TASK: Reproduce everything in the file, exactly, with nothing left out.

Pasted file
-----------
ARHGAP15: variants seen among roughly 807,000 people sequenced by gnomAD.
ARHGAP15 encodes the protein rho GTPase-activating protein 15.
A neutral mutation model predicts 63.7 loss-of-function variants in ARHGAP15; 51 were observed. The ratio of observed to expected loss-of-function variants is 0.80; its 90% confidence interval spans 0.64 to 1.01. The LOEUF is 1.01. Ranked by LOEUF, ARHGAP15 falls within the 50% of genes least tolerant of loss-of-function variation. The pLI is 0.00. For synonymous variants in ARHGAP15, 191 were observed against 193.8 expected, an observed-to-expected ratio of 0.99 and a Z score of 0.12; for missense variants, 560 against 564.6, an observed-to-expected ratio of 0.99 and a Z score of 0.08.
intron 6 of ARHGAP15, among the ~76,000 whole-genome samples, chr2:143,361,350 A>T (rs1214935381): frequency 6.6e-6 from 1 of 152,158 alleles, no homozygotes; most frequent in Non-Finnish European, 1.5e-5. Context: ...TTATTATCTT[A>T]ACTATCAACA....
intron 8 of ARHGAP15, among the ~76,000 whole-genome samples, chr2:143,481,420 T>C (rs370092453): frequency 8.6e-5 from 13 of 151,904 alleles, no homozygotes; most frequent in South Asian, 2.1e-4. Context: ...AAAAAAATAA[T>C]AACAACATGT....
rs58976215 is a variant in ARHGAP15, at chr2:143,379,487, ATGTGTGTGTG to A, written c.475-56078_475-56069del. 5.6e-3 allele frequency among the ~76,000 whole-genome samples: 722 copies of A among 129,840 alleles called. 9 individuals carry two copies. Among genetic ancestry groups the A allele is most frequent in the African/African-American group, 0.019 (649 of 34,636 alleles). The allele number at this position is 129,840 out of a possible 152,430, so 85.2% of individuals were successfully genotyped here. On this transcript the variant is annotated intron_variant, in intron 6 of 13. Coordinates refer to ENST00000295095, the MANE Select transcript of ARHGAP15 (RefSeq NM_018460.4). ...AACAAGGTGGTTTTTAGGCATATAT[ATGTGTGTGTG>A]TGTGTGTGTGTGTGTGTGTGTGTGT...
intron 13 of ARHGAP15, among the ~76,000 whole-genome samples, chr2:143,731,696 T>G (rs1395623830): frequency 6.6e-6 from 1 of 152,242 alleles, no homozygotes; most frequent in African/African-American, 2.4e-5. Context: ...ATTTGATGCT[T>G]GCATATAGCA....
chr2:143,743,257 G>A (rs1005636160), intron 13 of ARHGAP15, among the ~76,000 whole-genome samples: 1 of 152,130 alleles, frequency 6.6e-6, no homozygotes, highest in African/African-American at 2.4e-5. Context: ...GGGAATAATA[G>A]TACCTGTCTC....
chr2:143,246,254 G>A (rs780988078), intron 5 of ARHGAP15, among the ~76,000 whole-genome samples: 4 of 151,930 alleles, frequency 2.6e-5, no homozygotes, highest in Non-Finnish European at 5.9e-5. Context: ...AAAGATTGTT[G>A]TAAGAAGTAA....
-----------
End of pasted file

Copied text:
ARHGAP15: variants seen among roughly 807,000 people sequenced by gnomAD.
ARHGAP15 encodes the protein rho GTPase-activating protein 15.
A neutral mutation model predicts 63.7 loss-of-function variants in ARHGAP15; 51 were observed. The ratio of observed to expected loss-of-function variants is 0.80; its 90% confidence interval spans 0.64 to 1.01. The LOEUF is 1.01. Ranked by LOEUF, ARHGAP15 falls within the 50% of genes least tolerant of loss-of-function variation. The pLI is 0.00. For synonymous variants in ARHGAP15, 191 were observed against 193.8 expected, an observed-to-expected ratio of 0.99 and a Z score of 0.12; for missense variants, 560 against 564.6, an observed-to-expected ratio of 0.99 and a Z score of 0.08.
intron 6 of ARHGAP15, among the ~76,000 whole-genome samples, chr2:143,361,350 A>T (rs1214935381): frequency 6.6e-6 from 1 of 152,158 alleles, no homozygotes; most frequent in Non-Finnish European, 1.5e-5. Context: ...TTATTATCTT[A>T]ACTATCAACA....
intron 8 of ARHGAP15, among the ~76,000 whole-genome samples, chr2:143,481,420 T>C (rs370092453): frequency 8.6e-5 from 13 of 151,904 alleles, no homozygotes; most frequent in South Asian, 2.1e-4. Context: ...AAAAAAATAA[T>C]AACAACATGT....
rs58976215 is a variant in ARHGAP15, at chr2:143,379,487, ATGTGTGTGTG to A, written c.475-56078_475-56069del. 5.6e-3 allele frequency among the ~76,000 whole-genome samples: 722 copies of A among 129,840 alleles called. 9 individuals carry two copies. Among genetic ancestry groups the A allele is most frequent in the African/African-American group, 0.019 (649 of 34,636 alleles). The allele number at this position is 129,840 out of a possible 152,430, so 85.2% of individuals were successfully genotyped here. On this transcript the variant is annotated intron_variant, in intron 6 of 13. Coordinates refer to ENST00000295095, the MANE Select transcript of ARHGAP15 (RefSeq NM_018460.4). ...AACAAGGTGGTTTTTAGGCATATAT[ATGTGTGTGTG>A]TGTGTGTGTGTGTGTGTGTGTGTGT...
intron 13 of ARHGAP15, among the ~76,000 whole-genome samples, chr2:143,731,696 T>G (rs1395623830): frequency 6.6e-6 from 1 of 152,242 alleles, no homozygotes; most frequent in African/African-American, 2.4e-5. Context: ...ATTTGATGCT[T>G]GCATATAGCA....
chr2:143,743,257 G>A (rs1005636160), intron 13 of ARHGAP15, among the ~76,000 whole-genome samples: 1 of 152,130 alleles, frequency 6.6e-6, no homozygotes, highest in African/African-American at 2.4e-5. Context: ...GGGAATAATA[G>A]TACCTGTCTC....
chr2:143,246,254 G>A (rs780988078), intron 5 of ARHGAP15, among the ~76,000 whole-genome samples: 4 of 151,930 alleles, frequency 2.6e-5, no homozygotes, highest in Non-Finnish European at 5.9e-5. Context: ...AAAGATTGTT[G>A]TAAGAAGTAA....